Category Archives: Outdoor Activities

Herring Time 2019

Two years ago to the day I did a post about the herring fishery. If you are interested you can find it here. https://wordsfromanneli.com/2017/03/08/herring-time/

At that time a fisherman lost his life working in this dangerous job.

However, the fishery goes on. The pressure is on the fishermen to set their nets and catch what they can in the short time allowed.

As seiners from all along the coast of BC gather to await the herring opening, the wharf at Comox, on Vancouver Island, is congested at this time of year. You can see the seiners in the center of the photo above in the government fish wharf, and the toothpick-like masts of the sailboats on the far right, tucked away in their private marina.

How do these boats not get tangled!?

At one time the herring fishery was lucrative, but see, below, the problem facing the herring fishermen now.

These are a few of the sea lions left after a herring season three years ago. Since then the number of sea lions has exploded to the point where the fishermen lose nets repeatedly from dozens of these giants tearing through them to get at the herring in the seine nets.

Every animal needs to eat, but the fishermen are now finding it difficult to make a living when all they seem to do is feed sea lions and pay for very expensive nets. The staggering number of sea lions that have moved in to take up permanent residence on the coast of Vancouver Island has become an overwhelming problem for the fishermen.

Solutions are hard find, as the remedies are all controversial.

Soon, Soon, Soon

Soon my rhodos will bloom and put a smile on my face, like they did last May when I took this photo.

But right now, the poor thing is suffering from yet another load of snow.  I took the broom after I snapped a photo of the snow covering, and swept off some of the clumps of snow.

Speaking of sweeping off snow, early this morning the heat pump made feeble noises as it tried to come on. While I stood there in my housecoat, waiting for the dogs to do their morning ablutions and other things, I swept about six inches of snow off the top of the heat pump. The feebly struggling motor suddenly blasted into action and blew the last load of snow up the sleeve of my housecoat. OH! BRRRR!  NOW I WAS FULLY AWAKE!

The little Toyota truck, 25 years old now, is still going strong, but before its next trip we will need to do a “search and rescue” mission for it. I think it’s under there someplace. Good thing it’s bright red. Yes, I think I see it there.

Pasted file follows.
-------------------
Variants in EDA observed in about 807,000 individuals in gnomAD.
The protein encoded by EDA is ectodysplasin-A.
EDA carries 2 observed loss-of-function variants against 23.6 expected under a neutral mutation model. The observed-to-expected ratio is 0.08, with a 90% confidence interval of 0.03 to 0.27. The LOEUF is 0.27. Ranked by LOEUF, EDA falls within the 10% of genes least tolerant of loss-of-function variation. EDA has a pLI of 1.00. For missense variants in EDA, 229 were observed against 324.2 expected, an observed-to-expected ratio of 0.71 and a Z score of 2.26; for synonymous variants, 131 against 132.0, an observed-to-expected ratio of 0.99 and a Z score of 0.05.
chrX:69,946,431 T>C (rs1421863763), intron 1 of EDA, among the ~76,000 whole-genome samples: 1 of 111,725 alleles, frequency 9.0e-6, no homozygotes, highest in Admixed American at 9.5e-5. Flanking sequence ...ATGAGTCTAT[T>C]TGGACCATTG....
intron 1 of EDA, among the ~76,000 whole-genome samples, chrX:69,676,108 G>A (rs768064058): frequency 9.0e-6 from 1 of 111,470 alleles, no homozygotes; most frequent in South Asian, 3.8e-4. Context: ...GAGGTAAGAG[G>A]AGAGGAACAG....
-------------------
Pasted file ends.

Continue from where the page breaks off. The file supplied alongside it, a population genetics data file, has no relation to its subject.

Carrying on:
More snow is on the way, but today is supposed to be the last day of it and then, if we aren’t completely snowed in, we can try to get back to normal.

The Dreaded Post-Christmas Pounds

People are not the only ones who put on a pound or two over the holidays. It happens to our pets, too.
This morning the Captain took Emma, our field cocker spaniel, to a nearby farm to hunt for ducks. This photo is from yesterday, when we were just out for a walk. Ducks were everywhere.
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Ruby, the springer spaniel, was upset that she didn’t get to go. Nearly 12 years old, she’s almost completely deaf now, but she still knew she was being left behind. She felt better after I gave her a little treat and pulled  her doggie bed right beside me by the laptop.
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Last night when the Captain was getting things ready for this morning’s outing, he hauled out the little neoprene vest I made for Emma a couple of years ago.
“You’d better try it on her,” I said. “She’s put on a couple of pounds.” (After all, it’s just after Christmas).
Sure enough, it was VERY snug.
“You can’t have her wear that. She won’t be able to breathe.”
I looked high and low and luckily found a piece of left over neoprene  (from the old wet suit that I had used to make the vest).
I cut a 1 1/2 inch strip the length of Emma’s suit. It didn’t take long to cut the suit and sew in the strip. With a zigzag stitch and the piece butted up to the edges it was easy to insert a strip. No need to overlap neoprene to make a seam. Just laying the edges snugly side by side and zigzagging them together works fine.
You can see the post I did about the original vest a couple of years
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Here she is in the original vest.
I was going to take a picture of Emma in her expanded vest to put at the end of this post, but I was shocked to learn that she came home without it.
It’s lost! Somewhere out there in the brambles it got hooked up, the velcro parted, and there the vest stayed.
In the next day or so we’ll have to launch a search party for it.

The Wild Winds Weep

The wild winds weep

And the night is a-cold

Come hither, Sleep,

And my griefs unfold.

I wish I could claim this poem as my own creation, but I can’t. It is from a poem called “Mad Song,” by William Blake.

I was quite taken by this poem when I wrote my first novel of a coastal drama in which the wild weather played a significant role. That is why I used “The Wind Weeps” as my title.

I’m not trying to persuade you to click on the book cover image at the side for the free download of that book, but if you do, remember book two, “Reckoning Tide.”

It’s just that today the weather is so wild. The wind is crying out there,  whipping up the waves, just as it is in parts of my book.